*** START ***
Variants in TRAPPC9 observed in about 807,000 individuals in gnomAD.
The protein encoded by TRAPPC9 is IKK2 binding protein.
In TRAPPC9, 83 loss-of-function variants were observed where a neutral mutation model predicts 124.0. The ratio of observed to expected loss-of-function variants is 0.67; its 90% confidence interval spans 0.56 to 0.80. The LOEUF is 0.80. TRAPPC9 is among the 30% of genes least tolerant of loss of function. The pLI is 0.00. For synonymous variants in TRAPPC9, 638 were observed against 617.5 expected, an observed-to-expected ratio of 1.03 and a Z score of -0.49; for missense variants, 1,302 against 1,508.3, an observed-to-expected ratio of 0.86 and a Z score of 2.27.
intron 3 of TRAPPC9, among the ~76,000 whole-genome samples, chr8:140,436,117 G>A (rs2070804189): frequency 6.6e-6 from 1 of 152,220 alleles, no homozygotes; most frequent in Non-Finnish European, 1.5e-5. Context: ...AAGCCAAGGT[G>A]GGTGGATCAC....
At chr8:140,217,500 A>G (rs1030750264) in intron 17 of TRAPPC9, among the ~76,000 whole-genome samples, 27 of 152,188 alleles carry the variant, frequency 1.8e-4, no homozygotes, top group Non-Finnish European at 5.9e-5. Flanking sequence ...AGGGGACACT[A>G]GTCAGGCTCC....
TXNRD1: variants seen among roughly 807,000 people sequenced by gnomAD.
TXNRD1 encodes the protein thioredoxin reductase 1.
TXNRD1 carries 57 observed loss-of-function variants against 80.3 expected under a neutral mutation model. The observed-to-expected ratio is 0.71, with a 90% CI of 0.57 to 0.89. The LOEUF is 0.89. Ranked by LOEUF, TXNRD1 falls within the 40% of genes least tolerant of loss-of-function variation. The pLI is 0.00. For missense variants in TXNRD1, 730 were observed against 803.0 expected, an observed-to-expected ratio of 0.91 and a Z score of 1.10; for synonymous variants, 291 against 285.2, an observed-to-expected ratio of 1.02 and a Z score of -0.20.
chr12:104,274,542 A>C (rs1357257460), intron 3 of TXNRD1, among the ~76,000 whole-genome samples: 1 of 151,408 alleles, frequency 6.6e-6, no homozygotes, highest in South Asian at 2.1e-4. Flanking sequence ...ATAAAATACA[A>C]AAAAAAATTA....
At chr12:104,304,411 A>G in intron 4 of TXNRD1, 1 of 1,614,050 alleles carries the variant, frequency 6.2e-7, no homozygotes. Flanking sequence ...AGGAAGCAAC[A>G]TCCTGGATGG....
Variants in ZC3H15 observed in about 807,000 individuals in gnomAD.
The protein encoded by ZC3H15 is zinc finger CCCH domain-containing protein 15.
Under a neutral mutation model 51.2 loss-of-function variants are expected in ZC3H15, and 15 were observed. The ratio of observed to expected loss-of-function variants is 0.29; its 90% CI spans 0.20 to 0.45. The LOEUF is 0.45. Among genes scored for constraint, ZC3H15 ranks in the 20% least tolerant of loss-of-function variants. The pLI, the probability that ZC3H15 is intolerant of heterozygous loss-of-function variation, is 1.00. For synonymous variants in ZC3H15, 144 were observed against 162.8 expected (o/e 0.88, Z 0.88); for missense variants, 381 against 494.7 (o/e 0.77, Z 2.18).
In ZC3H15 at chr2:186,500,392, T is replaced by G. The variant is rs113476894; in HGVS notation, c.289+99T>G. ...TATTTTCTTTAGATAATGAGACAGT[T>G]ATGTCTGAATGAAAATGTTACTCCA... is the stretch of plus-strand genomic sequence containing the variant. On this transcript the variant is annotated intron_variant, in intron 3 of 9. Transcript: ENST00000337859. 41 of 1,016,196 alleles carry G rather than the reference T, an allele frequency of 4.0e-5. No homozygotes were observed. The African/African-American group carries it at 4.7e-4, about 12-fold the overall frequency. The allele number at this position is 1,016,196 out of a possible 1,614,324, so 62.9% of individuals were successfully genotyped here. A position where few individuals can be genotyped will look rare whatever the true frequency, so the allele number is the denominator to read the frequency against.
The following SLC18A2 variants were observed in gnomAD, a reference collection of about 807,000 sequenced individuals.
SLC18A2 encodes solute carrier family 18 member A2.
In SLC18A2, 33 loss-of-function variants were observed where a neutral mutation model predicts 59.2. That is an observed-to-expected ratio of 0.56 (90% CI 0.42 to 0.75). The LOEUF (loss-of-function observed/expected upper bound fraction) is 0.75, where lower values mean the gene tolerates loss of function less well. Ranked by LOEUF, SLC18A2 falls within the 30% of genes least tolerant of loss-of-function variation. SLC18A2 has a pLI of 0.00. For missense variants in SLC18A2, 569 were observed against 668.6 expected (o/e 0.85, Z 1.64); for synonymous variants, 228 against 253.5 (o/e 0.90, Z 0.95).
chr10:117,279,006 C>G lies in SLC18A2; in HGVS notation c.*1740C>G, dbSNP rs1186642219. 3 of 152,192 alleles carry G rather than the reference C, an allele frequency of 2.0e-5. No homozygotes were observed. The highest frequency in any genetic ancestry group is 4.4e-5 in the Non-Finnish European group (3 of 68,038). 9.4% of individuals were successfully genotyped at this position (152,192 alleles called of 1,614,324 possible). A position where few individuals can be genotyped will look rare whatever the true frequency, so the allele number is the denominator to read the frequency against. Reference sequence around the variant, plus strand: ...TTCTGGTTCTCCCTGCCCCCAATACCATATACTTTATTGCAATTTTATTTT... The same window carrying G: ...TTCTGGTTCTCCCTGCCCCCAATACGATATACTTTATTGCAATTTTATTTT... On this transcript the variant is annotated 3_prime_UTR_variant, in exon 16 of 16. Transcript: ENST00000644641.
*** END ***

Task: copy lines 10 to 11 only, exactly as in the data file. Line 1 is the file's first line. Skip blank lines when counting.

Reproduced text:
At chr12:104,304,411 A>G in intron 4 of TXNRD1, 1 of 1,614,050 alleles carries the variant, frequency 6.2e-7, no homozygotes. Flanking sequence ...AGGAAGCAAC[A>G]TCCTGGATGG....
Variants in ZC3H15 observed in about 807,000 individuals in gnomAD.